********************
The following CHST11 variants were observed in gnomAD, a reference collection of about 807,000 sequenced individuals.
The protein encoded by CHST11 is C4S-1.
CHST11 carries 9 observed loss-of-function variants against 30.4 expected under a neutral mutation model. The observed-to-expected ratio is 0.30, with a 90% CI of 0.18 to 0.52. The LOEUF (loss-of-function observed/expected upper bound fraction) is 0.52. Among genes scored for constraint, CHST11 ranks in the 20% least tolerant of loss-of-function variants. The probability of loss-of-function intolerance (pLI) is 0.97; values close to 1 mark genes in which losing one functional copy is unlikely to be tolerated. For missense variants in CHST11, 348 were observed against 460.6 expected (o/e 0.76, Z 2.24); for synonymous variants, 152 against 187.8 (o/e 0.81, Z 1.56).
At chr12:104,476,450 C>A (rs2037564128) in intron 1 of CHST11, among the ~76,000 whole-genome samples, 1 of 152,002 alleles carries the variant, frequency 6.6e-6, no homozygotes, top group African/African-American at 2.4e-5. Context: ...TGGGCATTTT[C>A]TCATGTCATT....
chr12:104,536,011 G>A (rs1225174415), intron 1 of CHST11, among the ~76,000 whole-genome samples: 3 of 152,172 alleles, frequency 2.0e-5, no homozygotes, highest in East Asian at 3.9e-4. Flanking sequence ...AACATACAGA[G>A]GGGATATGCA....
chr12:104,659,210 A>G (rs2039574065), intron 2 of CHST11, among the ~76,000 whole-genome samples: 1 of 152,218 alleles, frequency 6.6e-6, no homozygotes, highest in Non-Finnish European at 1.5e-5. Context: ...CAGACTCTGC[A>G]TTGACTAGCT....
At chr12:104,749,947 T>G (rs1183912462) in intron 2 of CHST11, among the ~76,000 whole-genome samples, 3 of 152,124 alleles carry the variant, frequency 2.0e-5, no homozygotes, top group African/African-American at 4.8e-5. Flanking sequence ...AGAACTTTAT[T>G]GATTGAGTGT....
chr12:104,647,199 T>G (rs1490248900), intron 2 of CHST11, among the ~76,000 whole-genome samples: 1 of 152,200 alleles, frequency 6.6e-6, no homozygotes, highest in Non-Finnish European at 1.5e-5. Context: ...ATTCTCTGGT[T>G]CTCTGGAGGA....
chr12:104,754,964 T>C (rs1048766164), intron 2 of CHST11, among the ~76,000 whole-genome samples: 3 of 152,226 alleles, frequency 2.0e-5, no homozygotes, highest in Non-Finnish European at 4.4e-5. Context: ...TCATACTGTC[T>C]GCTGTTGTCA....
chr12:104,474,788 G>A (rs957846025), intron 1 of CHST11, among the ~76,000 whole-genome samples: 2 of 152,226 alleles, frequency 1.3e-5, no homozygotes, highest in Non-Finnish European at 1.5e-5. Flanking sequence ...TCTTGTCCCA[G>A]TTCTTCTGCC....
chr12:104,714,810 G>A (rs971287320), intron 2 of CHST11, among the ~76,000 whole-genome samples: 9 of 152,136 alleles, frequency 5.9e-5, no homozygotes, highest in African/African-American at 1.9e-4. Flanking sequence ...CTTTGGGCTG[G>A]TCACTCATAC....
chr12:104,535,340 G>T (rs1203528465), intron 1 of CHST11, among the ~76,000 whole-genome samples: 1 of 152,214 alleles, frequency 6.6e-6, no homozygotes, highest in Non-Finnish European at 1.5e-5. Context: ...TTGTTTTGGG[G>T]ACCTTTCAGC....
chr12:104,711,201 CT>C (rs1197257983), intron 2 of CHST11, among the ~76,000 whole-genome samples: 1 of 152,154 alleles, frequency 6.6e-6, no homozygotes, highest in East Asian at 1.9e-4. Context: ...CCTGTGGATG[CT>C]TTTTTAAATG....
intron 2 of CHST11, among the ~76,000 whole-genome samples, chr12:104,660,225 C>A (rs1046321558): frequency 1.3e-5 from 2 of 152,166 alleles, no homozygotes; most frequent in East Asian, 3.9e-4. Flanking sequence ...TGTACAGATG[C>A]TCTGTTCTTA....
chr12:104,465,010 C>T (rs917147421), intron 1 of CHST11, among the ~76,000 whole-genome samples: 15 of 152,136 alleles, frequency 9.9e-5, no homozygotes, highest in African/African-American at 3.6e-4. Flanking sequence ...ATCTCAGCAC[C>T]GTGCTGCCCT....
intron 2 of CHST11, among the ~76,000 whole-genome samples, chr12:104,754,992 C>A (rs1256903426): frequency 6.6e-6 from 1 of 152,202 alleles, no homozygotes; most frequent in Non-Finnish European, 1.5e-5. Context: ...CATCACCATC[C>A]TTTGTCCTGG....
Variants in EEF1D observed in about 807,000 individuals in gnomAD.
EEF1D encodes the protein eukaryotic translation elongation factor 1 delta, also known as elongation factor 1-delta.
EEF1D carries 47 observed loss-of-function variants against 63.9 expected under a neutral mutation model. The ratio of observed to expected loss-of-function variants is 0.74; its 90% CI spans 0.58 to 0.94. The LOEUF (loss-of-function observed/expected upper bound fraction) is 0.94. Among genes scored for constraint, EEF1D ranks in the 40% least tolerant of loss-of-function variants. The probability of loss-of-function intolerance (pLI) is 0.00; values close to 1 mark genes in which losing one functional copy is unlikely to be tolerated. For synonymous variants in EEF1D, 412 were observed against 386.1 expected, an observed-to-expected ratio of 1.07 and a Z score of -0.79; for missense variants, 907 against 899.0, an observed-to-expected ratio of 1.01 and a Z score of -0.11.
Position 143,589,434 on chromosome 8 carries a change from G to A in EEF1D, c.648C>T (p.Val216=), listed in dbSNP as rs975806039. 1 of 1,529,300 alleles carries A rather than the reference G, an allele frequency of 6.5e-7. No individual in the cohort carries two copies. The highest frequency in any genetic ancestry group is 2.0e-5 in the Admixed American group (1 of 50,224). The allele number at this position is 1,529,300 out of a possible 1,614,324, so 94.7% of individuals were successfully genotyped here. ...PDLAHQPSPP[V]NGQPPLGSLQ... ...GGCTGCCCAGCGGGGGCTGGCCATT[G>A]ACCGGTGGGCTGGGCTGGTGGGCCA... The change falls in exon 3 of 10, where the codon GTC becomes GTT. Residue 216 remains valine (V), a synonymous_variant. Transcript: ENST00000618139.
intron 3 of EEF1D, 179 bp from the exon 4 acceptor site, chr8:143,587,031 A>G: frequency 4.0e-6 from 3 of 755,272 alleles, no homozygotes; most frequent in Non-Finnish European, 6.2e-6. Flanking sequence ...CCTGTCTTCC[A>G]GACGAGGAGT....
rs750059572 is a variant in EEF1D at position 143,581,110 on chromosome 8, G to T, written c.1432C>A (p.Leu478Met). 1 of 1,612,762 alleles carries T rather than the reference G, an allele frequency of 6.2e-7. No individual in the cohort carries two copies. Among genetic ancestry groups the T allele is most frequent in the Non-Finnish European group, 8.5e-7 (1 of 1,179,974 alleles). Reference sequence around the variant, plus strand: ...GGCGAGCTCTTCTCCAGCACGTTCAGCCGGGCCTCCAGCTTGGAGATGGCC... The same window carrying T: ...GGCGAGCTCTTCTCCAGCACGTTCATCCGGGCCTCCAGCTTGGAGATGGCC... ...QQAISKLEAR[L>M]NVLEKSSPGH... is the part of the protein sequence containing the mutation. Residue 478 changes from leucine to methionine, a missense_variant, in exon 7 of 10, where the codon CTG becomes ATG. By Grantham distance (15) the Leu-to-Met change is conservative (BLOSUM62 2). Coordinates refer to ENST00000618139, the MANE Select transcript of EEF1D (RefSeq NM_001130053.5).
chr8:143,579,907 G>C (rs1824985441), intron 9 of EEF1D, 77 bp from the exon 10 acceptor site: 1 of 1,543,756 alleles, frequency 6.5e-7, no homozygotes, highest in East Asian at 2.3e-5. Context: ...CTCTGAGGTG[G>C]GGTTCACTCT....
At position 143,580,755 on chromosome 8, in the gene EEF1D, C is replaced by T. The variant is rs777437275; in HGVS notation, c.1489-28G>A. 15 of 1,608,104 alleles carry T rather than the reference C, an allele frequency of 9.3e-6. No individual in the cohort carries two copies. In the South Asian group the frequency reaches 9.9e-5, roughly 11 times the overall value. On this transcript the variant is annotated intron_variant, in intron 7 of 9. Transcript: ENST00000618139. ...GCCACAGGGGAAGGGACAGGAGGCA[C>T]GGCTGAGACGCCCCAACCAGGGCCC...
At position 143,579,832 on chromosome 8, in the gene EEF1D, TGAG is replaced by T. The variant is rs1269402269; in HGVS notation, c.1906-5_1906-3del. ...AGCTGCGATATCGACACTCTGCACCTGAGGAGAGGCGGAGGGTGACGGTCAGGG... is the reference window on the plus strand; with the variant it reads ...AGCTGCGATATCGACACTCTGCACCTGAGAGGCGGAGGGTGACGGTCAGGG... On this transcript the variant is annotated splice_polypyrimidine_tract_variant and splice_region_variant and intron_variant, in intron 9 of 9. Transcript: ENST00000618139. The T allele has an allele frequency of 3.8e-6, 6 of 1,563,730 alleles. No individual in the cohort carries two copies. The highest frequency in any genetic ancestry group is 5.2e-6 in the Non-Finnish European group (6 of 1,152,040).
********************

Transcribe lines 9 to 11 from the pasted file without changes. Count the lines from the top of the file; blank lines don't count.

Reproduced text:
chr12:104,754,964 T>C (rs1048766164), intron 2 of CHST11, among the ~76,000 whole-genome samples: 3 of 152,226 alleles, frequency 2.0e-5, no homozygotes, highest in Non-Finnish European at 4.4e-5. Context: ...TCATACTGTC[T>C]GCTGTTGTCA....
chr12:104,474,788 G>A (rs957846025), intron 1 of CHST11, among the ~76,000 whole-genome samples: 2 of 152,226 alleles, frequency 1.3e-5, no homozygotes, highest in Non-Finnish European at 1.5e-5. Flanking sequence ...TCTTGTCCCA[G>A]TTCTTCTGCC....
chr12:104,714,810 G>A (rs971287320), intron 2 of CHST11, among the ~76,000 whole-genome samples: 9 of 152,136 alleles, frequency 5.9e-5, no homozygotes, highest in African/African-American at 1.9e-4. Flanking sequence ...CTTTGGGCTG[G>A]TCACTCATAC....